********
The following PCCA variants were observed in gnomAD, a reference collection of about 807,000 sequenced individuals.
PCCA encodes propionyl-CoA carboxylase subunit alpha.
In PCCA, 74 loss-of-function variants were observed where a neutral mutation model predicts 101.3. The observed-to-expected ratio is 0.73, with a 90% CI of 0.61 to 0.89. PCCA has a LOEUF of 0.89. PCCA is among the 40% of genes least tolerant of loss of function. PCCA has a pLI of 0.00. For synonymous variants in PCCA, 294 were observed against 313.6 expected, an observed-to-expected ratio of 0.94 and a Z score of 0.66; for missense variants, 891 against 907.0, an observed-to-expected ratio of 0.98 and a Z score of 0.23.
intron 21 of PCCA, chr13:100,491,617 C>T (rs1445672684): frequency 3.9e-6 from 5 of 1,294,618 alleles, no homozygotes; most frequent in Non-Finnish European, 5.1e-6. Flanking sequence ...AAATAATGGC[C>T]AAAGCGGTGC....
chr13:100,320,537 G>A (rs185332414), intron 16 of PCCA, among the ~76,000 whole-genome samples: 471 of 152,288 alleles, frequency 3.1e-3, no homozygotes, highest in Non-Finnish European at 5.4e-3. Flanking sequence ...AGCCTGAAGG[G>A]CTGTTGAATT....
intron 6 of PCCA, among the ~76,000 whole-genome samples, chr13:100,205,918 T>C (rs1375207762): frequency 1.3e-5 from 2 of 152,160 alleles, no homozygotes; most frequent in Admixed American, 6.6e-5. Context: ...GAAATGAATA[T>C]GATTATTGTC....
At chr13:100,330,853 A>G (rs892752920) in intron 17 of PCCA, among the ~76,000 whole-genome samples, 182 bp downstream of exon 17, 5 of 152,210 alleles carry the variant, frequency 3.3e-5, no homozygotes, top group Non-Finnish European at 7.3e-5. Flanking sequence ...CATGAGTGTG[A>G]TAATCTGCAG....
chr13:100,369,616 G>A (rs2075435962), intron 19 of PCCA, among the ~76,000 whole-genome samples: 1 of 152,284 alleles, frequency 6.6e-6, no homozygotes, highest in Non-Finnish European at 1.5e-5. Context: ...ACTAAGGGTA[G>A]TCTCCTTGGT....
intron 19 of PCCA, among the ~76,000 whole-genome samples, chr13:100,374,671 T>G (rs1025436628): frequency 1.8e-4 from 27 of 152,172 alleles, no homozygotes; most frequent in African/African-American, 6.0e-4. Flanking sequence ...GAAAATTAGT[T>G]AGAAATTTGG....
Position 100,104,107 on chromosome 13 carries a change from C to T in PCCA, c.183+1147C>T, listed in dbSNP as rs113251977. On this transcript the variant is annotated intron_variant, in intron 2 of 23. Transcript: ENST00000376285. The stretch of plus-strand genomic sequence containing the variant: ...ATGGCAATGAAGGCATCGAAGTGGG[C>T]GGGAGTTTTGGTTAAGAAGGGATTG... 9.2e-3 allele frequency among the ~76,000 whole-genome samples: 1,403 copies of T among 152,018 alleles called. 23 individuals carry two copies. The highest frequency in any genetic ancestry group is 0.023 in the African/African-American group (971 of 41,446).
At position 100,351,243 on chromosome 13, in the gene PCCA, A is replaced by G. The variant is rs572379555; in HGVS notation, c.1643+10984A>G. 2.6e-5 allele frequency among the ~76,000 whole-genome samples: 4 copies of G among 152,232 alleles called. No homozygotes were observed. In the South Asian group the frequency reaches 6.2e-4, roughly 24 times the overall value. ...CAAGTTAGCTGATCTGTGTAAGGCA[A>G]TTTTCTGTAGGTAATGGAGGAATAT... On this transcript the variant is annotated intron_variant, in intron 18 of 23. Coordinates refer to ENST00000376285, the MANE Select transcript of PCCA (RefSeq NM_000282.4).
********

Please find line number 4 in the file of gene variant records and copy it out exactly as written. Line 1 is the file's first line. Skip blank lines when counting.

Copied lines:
intron 21 of PCCA, chr13:100,491,617 C>T (rs1445672684): frequency 3.9e-6 from 5 of 1,294,618 alleles, no homozygotes; most frequent in Non-Finnish European, 5.1e-6. Flanking sequence ...AAATAATGGC[C>T]AAAGCGGTGC....